found in many different sources; a favorite of mine is Chapter 15 of
Vasek Chvatal's book, "Linear Programming" (Freeman, 1983).
- The von Neumann correspondence to Econometrica that I discussed is
- The Dantzig quote was from the Preface to Volume 1 of his
book on Linear Programming (with Thapa), 1997.
- Nash's Theorem is originally from J. F. Nash, Jr.,
Equilibrium Points in N-Person Games,
Proceedings of the National Academy of Sciences (USA), 36(1):48--49, 1950.
- A year later Nash showed how to reduce his theorem to Brouwer's
fixed-point theorem: J. F. Nash, Jr.,
Annals of Mathematics, 54(2):286--296, 1951.
- The reduction of Nash's theorem to Brouwer's theorem that we
covered in class is from J. Geanakoplos,
and Walras Equilibrium Via Brouwer, Economic Theory
- Thu 11/30:
Approximate Nash equilibria via sampling and enumeration.
Introduction to correlated equilibria.
- The quasipolynomial-time algorithm for finding approximate Nash
equilibria is from
- For recent applications of
enumeration algorithms to random games, see:
This paper shows that for various distributions on bimatrix games,
with high probability there is a Nash equilibrium with small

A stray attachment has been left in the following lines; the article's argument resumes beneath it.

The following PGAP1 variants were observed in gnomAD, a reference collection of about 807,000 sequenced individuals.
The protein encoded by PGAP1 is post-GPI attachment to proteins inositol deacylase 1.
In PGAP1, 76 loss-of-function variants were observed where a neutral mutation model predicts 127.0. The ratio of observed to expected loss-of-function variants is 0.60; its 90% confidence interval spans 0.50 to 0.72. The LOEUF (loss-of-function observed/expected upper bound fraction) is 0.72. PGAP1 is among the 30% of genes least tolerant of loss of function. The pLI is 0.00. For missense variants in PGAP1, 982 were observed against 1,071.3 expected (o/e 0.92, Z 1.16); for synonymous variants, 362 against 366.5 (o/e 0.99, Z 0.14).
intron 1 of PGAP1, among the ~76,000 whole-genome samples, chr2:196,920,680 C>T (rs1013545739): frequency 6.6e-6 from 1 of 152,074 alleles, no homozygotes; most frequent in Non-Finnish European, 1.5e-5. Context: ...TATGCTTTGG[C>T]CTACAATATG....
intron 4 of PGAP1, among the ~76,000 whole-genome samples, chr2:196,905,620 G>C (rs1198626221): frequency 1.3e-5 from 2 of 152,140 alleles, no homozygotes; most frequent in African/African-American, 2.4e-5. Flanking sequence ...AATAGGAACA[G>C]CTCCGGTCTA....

(constant-size) support. Thus the enumeration algorithm runs
in polynomial time with high probability. (It is still open whether
or not the expected running time of the enumeration algorithm is
polynomial for these distributions.)
- Tue 12/5:
Computing correlated equilibria using linear programming.
Warm-up to PPAD: Sperner's Lemma and Brouwer's FIxed-Point Theorem.
- Our treatment of Sperner's Lemma and Brouwer's Theorem follows
that outlined in course notes from
and Cornell (part
1 and part
- Thu 12/7:
Reductions between computing Nash equilibria and computing
- N. Megiddo and C. Papadimitriou,
note on total functions, existence theorems and complexity,
Theoretical Computer Science, 81:317--324, 1991.
- C. Papadimitriou,
The complexity of the parity argument and other inefficient proofs of
existence, JCSS 1994.
- K. Daskalakis, P. Goldberg, C. Papadimitriou,
The Complexity of Computing a Nash Equilibrium, STOC 2006.
the Complexity of 2-Player Nash-Equilibrium, FOCS 2006.